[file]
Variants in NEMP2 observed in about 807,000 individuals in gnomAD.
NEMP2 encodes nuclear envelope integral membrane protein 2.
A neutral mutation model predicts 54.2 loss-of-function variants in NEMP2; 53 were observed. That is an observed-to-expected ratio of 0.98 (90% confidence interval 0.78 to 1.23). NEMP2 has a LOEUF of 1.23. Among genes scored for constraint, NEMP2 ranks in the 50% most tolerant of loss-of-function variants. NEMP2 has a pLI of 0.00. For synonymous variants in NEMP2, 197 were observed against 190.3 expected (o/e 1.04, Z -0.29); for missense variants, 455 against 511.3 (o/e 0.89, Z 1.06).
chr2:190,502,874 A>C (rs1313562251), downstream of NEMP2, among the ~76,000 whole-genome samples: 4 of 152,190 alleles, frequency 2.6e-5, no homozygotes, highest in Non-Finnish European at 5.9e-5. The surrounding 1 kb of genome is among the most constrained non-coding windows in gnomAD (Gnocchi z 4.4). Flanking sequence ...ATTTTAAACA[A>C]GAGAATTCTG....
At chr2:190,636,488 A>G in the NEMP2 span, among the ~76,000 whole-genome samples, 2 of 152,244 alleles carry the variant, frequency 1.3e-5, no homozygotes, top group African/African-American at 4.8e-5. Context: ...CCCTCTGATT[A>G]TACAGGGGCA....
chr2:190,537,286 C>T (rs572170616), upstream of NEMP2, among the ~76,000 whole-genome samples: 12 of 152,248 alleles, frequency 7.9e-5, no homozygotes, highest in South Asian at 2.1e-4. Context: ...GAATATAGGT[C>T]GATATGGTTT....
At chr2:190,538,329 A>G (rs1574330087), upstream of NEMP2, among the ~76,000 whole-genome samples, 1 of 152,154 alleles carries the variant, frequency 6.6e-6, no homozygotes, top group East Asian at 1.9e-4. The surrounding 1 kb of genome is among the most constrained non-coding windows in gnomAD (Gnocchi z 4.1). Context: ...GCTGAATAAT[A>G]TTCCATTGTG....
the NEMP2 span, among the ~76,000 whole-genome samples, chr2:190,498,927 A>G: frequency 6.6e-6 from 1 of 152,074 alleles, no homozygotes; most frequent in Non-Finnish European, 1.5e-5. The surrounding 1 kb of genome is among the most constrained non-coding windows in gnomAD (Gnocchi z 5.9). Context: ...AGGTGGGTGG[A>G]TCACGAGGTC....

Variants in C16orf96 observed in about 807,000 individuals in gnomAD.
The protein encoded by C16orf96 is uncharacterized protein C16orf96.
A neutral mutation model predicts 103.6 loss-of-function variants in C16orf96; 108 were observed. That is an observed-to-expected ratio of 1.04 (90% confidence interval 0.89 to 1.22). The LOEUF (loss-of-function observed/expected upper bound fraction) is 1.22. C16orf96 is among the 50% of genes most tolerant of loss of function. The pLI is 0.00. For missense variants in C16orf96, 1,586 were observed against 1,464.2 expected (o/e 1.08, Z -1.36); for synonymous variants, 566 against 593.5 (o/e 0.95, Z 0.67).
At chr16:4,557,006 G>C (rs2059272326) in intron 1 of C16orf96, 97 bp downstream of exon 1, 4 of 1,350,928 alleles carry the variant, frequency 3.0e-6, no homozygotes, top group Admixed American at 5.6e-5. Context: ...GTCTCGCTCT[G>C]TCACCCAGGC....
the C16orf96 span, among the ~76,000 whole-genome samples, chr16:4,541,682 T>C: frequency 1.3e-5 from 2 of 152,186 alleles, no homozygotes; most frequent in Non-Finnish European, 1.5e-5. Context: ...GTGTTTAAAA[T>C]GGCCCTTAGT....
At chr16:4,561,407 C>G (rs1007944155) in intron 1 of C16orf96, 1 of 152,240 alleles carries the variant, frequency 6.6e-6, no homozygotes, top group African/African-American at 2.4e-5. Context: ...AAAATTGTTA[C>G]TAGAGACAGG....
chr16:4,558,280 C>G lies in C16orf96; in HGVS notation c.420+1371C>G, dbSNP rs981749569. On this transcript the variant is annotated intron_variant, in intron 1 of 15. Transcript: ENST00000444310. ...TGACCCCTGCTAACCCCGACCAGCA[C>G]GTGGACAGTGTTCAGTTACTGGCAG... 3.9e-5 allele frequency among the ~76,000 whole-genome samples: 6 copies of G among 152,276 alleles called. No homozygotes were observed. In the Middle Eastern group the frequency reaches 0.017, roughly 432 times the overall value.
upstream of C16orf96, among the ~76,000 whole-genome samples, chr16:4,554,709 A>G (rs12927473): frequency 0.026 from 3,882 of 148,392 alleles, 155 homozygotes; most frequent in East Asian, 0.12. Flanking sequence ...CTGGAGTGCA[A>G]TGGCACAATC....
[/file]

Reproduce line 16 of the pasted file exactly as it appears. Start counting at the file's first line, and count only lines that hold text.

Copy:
upstream of C16orf96, among the ~76,000 whole-genome samples, chr16:4,554,709 A>G (rs12927473): frequency 0.026 from 3,882 of 148,392 alleles, 155 homozygotes; most frequent in East Asian, 0.12. Flanking sequence ...CTGGAGTGCA[A>G]TGGCACAATC....